In anticipation of the 2020 election, Facebook said it will remove from its platform deep fakes, heavily altered content likely to mislead Facebook’s users.

Supporters of Section 230 of the Communications Decency Act, which protects online platforms from liability for user-generated content, are playing defense again, this time from House Speaker Nancy Pelosi, who wants the statute’s language sheltering web companies from liability stripped from the United States’ trade pact with Mexico and Canada. Find out why.

New York State Governor Andrew Cuomo proposed legislation that would make it a crime for convicted sex offenders to misrepresent themselves online. It also would require sex offenders to disclose to the Division of Criminal Justice Services the screen names they use for each of their social media accounts, dating apps and gaming apps.

Tesla chief executive Elon Musk’s tweet using the phrase “pedo guy” to refer to a man who had insulted Musk during a television interview did not amount to defamation, a California federal court jury found. Learn the basis of their decision.

As we reported late last year, in an effort to protect users’ mental health, the social media platform Instagram is phasing out popularity metrics such as “likes.” With such popularity metrics invisible to users, follower engagement—which brands use to determine an influencer’s value—will be demonstrated mostly in the form of comments. Because, on Instagram, comments are largely driven by captions, the quality of captions will be a major factor in determining which influencers continue to be successful on that platform despite the fact that it is primarily visual, one columnist argues.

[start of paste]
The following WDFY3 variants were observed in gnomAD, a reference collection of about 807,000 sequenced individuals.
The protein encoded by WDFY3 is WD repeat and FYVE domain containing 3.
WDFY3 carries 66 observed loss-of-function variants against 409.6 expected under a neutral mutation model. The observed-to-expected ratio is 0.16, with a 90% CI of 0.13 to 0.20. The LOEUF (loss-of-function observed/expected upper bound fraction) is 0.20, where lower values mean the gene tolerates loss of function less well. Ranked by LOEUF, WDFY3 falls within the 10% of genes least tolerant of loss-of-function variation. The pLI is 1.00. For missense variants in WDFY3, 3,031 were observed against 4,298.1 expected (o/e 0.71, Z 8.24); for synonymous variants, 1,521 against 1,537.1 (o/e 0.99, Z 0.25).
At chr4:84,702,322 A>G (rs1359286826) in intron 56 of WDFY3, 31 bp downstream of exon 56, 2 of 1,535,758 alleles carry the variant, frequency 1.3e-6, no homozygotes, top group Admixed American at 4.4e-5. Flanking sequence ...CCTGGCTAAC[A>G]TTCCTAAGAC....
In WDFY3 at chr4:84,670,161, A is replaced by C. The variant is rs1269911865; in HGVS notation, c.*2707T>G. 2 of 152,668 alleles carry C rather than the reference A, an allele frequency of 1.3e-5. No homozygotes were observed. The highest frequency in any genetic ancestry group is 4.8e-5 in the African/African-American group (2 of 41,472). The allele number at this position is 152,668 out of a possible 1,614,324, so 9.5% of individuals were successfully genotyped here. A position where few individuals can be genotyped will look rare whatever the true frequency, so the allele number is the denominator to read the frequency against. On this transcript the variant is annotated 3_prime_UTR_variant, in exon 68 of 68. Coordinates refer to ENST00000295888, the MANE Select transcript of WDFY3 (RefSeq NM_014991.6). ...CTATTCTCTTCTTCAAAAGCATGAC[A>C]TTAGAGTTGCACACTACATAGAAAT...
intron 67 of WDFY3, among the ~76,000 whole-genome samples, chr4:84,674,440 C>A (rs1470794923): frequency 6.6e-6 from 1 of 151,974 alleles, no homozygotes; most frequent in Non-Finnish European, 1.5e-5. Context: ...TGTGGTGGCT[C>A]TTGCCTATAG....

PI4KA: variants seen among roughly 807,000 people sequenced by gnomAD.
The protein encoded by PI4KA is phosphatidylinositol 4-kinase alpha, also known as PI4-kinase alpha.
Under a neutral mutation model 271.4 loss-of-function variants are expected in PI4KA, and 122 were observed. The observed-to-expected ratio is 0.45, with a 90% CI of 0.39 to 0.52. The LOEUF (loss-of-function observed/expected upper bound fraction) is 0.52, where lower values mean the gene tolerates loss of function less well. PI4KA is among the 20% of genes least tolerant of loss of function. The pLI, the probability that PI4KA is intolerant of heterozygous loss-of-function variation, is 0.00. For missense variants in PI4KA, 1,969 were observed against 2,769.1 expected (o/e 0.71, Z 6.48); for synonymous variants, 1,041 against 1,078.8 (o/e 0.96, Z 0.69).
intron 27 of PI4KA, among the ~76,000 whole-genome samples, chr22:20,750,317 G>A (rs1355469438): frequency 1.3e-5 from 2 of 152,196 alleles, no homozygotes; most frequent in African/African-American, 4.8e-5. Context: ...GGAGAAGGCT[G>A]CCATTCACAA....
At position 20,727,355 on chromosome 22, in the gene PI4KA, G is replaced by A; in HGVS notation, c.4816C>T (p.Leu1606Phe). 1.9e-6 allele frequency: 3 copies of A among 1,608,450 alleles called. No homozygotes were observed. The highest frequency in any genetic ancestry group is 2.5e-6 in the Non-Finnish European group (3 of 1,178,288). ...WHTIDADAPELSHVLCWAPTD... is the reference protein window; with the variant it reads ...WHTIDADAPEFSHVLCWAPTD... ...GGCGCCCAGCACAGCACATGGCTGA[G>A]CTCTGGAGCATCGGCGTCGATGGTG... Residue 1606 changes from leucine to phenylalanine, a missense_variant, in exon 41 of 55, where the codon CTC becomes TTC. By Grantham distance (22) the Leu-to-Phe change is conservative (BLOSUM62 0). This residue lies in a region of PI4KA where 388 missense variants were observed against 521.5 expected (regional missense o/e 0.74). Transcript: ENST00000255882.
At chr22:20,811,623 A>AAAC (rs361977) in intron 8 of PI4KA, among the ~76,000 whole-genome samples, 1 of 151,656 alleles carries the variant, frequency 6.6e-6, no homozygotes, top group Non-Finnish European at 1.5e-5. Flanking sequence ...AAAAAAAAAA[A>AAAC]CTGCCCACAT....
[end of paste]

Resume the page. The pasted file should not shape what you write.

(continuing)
Speaking of influencers, eight-year-old Ryan of Ryan’s World makes earning a living as an influencer look easy, having raked in $26 million in 2019 by posting videos like the one of him running around his garden to scoop up plastic eggs with toys inside them. But, the BBC reports, Ryan is something of an “outlier,” and “96.5% of YouTubers don’t make enough from advertising revenue alone to break the US poverty line.” Find out the names of the other top-ten highest earning influencers.

Here at Socially Aware we covered a wide range of issues in 2019. We reviewed an opinion reminding us that user-generated content posted on social media platforms is not necessarily freely available for use in other contexts, and a rare instance of a federal district court holding that a browsewrap agreement was enforceable.

We also examined some aspects of Internet law in Europe, including the legality of using “cookie walls” in the European Union, and the EU Copyright Directive’s impact on content-sharing service providers’ liability for copyright-infringing content.

And, as we’ve done in past years, we revisited the scope of the “safe harbor” that Section 230 of the Communications Decency Act provides again, again, and again.